I hate to sound like a broken record (I'm already annoying myself as I type this), but you're going to need a fairly low output impedance with those (<6?, ideally), or they won't sound like they're supposed to (the HD 558's have a huge impedance spike at 100 Hz). You might need a headphone amplifier with low output impedance if your X-Fi's impedance is too high (I have no idea of its actual value, it could be anything).

http://graphs.headphone.com/graphCompare.p...phID%5B%5D=2861

Uhmmm... Why would a spike of HIGH impedance need a LOW output impedance amplifier?



Good question. The fact that the overall curve stays above about 50 ohms eases the source impedance requirements on the amp.  If you set your goals on amp source impedance goals based on the minimum impedance the maximum impedance can go to the moon and it is handled.

A load that stays above 50 ohms can have low coloration with an amp with a source impedance of  like 1 ohm, but a load that goes down under 16 ohms may have audible coloration with the same amp.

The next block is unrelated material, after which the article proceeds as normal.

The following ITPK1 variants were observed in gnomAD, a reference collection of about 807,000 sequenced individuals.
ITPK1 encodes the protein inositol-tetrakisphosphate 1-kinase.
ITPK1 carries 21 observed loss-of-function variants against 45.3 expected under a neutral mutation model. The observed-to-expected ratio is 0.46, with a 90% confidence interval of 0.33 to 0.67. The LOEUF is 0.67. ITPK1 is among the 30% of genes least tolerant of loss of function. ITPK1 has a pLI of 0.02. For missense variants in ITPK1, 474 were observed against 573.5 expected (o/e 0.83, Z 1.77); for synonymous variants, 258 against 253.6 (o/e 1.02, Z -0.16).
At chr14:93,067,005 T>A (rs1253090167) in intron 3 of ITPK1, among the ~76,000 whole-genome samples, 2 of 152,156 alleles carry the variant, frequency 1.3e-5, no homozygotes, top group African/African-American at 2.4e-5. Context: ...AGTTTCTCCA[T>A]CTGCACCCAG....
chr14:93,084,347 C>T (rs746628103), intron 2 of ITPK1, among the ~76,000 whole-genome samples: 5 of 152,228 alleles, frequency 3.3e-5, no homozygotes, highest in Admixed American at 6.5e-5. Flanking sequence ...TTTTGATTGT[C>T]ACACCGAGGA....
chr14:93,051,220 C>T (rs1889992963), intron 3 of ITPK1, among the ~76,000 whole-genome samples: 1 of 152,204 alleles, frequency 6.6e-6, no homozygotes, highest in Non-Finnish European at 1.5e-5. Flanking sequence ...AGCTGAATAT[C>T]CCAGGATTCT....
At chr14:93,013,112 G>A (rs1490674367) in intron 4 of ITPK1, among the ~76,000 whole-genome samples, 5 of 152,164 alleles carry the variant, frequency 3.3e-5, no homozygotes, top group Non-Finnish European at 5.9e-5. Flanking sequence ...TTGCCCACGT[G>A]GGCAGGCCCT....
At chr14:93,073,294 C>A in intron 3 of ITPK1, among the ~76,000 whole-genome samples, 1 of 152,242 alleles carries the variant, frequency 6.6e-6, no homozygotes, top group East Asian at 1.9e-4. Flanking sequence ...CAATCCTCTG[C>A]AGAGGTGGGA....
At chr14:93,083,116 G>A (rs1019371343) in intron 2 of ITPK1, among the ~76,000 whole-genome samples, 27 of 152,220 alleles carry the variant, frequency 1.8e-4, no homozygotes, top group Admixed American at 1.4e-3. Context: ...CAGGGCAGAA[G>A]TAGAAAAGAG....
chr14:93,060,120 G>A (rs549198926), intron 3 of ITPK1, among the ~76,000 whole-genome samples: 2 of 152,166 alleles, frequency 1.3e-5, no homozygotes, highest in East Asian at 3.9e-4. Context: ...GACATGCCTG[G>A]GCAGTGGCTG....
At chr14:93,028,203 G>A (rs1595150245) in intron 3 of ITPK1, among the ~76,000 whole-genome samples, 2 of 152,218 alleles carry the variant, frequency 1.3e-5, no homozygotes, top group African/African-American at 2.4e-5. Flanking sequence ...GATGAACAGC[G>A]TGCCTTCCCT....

• skamp
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  • Developer
Amp Question
Reply #10
Uhmmm... Why would a spike of HIGH impedance need a LOW output impedance amplifier?


You need to aim for the lowest impedance. Though, I did some math, and the FR variation that I've come up with, with 22? and 75? output impedance values as real-world examples, isn't nearly as bad as I thought (assuming a 1V source):

22? output impedance:
50 / (50 + 22) = 0.694V
275 / (275 + 22) = 0.926V
20 * log10(0.926 / 0.694) = 2.5dB

75? output impedance:
50 / (75 + 50) = 0.4V
275 / (275 + 75) = 0.786V
20 * log10(0.786 / 0.4) = 5.87dB

So essentially, you'll get or more or less pronounced bass boost (though I'm not sure how it would sound / feel, in practice).

Source: http://nwavguy.blogspot.com/2011/02/headph...-impedance.html
See my profile for measurements, tools and recommendations.

  • saratoga
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Amp Question
Reply #11
Uhmmm... Why would a spike of HIGH impedance need a LOW output impedance amplifier?


You need to aim for the lowest impedance.